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Q&A: Nathan Kaiser, Craft Distiller, Seattle

Naomi Bishop
June 10, 2013

Nathan Kaiser of 2Bar Spirits, in Seattle
Nathan, pictured in 2bar Spirits’ tasting room next to a photo of his grandfather holding his father at 2Bar ranch. Photo by Naomi Bishop

“We are exceptionally fortunate to be located in Seattle—this city celebrates diversity and locally sourced products.”—Nathan Kaiser, owner-operator of 2bar Spirits

Tell us about what you do.
I am the owner-operator of Seattle’s 2bar Spirits, a craft distillery that’s entirely handmade from 100% locally grown grain. 2bar embodies “from grain to glass.” Whole grains arrive from local farmers, and we take those grains and make spirits entirely on site at our SODO location. We make 2bar Vodka, which is a wheat-based vodka, and 2bar Moonshine, a...

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Q&A: Emmanuel Maniadakis, Organic Wine Maker, Québec

Laura Siciliano-Rosen
April 6, 2013

Emmanuel Maniadakis, organic wine maker, in his apple orchard in Quebec

“You don’t get a true representation of terroir by buying fruit from Ontario and adding a French yeast. A great wine is grown, not made in the winery—that’s the only way to get a true taste of the landscape.” –Emmanuel Maniadakis, owner of Verger Biologique Maniadakis

Tell us about what you do.
I grow certified-organic, biodynamic  apples and pears; I make a certified-organic, biodynamic apple ice wine, a pear ice wine, and a still cider (apple wine) with no manipulation, using natural indigenous yeasts and natural filtration, no sulfates added. It’s the only natural wine in all of North America recognized by Nicolas Joly and his group of natural wine makers in France (le...

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Q&A: Hervé Rocheteau, Saunier (salt maker), Île de Ré, France

Cristina Sciarra
May 21, 2012

Ile de Re, west coast of France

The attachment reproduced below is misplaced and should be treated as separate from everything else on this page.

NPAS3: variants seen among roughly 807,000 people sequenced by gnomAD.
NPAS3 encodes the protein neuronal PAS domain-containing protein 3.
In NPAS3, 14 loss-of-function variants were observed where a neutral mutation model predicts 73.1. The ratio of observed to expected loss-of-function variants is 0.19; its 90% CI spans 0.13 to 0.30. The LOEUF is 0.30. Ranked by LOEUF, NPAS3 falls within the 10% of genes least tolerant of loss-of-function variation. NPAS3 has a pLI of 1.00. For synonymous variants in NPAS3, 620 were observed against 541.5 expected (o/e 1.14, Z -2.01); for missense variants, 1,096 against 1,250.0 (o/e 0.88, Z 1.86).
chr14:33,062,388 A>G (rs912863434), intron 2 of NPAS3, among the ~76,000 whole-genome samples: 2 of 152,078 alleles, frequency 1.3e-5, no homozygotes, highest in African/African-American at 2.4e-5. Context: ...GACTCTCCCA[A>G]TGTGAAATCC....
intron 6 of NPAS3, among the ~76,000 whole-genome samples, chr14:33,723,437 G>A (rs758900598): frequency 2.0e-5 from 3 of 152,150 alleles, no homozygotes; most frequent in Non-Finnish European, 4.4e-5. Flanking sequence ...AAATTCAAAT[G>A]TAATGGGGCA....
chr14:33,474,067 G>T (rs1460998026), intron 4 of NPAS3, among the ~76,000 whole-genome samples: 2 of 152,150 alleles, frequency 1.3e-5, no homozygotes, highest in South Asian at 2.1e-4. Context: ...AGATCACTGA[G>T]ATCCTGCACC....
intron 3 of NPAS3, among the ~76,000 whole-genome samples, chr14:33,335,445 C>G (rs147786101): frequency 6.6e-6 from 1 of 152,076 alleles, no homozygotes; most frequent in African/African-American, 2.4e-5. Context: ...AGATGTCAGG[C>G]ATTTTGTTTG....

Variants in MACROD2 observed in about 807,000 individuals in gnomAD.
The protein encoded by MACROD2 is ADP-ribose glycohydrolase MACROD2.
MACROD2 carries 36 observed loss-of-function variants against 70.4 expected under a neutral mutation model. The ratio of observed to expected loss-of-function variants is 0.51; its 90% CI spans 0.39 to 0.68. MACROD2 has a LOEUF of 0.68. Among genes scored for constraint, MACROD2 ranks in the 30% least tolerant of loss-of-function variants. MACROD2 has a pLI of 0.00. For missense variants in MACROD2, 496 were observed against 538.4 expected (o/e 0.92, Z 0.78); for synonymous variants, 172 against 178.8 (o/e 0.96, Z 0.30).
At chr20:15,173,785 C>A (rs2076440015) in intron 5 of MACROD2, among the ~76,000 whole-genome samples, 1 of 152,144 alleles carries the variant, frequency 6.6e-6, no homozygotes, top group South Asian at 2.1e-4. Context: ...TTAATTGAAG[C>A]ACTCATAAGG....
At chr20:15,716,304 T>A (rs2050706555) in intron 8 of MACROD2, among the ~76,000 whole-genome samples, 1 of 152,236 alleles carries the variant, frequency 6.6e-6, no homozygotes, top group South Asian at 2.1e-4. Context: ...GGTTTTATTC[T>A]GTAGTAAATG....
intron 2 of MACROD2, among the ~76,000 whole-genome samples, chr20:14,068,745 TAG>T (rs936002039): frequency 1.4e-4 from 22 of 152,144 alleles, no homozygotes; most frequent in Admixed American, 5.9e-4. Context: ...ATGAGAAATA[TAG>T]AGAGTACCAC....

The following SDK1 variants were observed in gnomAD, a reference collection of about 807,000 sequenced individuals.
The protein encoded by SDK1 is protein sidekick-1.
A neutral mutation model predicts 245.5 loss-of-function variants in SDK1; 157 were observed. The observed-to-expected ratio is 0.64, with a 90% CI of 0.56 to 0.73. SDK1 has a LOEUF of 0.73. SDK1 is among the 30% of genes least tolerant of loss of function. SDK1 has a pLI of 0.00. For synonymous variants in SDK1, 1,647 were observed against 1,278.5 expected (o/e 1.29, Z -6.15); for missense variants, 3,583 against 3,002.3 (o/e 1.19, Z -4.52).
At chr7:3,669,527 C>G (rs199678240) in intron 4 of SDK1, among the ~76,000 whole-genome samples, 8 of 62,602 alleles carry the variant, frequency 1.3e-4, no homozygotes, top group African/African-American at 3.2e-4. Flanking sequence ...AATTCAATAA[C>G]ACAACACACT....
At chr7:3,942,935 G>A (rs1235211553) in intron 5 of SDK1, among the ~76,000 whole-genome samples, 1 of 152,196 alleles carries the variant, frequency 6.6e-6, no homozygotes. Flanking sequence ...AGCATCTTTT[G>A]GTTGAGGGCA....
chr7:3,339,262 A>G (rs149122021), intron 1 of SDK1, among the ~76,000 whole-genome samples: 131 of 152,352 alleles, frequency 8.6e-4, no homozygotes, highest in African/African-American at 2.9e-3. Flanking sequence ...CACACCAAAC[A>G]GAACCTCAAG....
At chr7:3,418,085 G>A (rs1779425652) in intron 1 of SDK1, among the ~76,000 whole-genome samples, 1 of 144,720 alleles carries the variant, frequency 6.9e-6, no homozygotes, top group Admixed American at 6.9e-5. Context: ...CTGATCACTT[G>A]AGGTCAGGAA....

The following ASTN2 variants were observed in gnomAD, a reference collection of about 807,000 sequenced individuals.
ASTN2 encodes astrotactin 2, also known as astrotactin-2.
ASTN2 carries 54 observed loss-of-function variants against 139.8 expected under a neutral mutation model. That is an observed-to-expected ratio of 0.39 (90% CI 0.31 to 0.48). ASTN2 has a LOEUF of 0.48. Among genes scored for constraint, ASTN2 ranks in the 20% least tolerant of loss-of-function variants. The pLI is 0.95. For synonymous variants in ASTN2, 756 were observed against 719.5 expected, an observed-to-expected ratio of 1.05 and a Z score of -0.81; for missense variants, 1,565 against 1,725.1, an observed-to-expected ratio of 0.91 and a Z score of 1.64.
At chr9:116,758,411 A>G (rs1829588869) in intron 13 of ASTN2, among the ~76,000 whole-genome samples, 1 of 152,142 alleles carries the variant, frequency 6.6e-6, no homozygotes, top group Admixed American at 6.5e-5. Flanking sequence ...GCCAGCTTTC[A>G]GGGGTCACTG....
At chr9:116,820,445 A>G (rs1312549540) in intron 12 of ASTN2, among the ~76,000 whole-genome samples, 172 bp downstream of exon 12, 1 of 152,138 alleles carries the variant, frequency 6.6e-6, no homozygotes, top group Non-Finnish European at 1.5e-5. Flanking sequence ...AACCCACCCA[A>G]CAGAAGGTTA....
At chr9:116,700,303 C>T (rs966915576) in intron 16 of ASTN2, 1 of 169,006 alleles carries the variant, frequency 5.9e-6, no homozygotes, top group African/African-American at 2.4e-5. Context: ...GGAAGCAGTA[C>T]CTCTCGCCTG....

“French people believe very strongly in the idea of terroir: We believe in locally made products, especially those that have a strong sense of identity and heritage. If I do my part and make my salt with as much respect as possible, then I’ve done my job.” —Hervé Rocheteau, Île de Ré, a small island off the western coast of France (pictured)

Tell us about your job.
I am a salt maker: My job is to manage a series of salt evaporation ponds, also known as salterns or salt pans. I feed saltwater from the ocean into different ponds very slowly; then the sun and the wind evaporate the water. Finally, the salt concentration becomes so high that it crystallizes, and results in sea salt....

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Q&A: Andrea Stanley, Maltster, Western Massachusetts

Laura Siciliano-Rosen
April 9, 2012

Andrea Stanley, maltster for Valley Malt in Western Massachusetts“Beer and spirits were an essential part of everyday life for the first European settlers of our country. Malting barley was brought over on the first ships with other essentials, like wool and wheat. Records show it was first planted on Martha’s Vineyard in 1604. I would like to eventually grow and malt the original variety of barley that was grown in New England.”—Andrea Stanley, Valley Malt

Tell us about your job.
I am a maltster: I malt grains for brewing and distilling. The process
of malting starts with soaking grain, sprouting it, and drying it. It takes one full week to malt a batch of grain, and we malt in 2,000-pound (one-ton) batches. We started in 2010 with one malting...

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Tags: food producer Q&A beer

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Q&A: Pilar Cabrera, Chef & Cooking Instructor, Oaxaca, Mexico

Laura Siciliano-Rosen
March 2, 2012

Chef Pilar Cabrera, of La Olla Restaurant in Oaxaca, Mexico“I try to portray the colors of the Oaxacan landscape in the food I prepare: color, color, color! Oaxaca is such a vibrant place, and having this reflected in the food you eat here makes Oaxacan cuisine even more enjoyable.”—Chef Pilar Cabrera,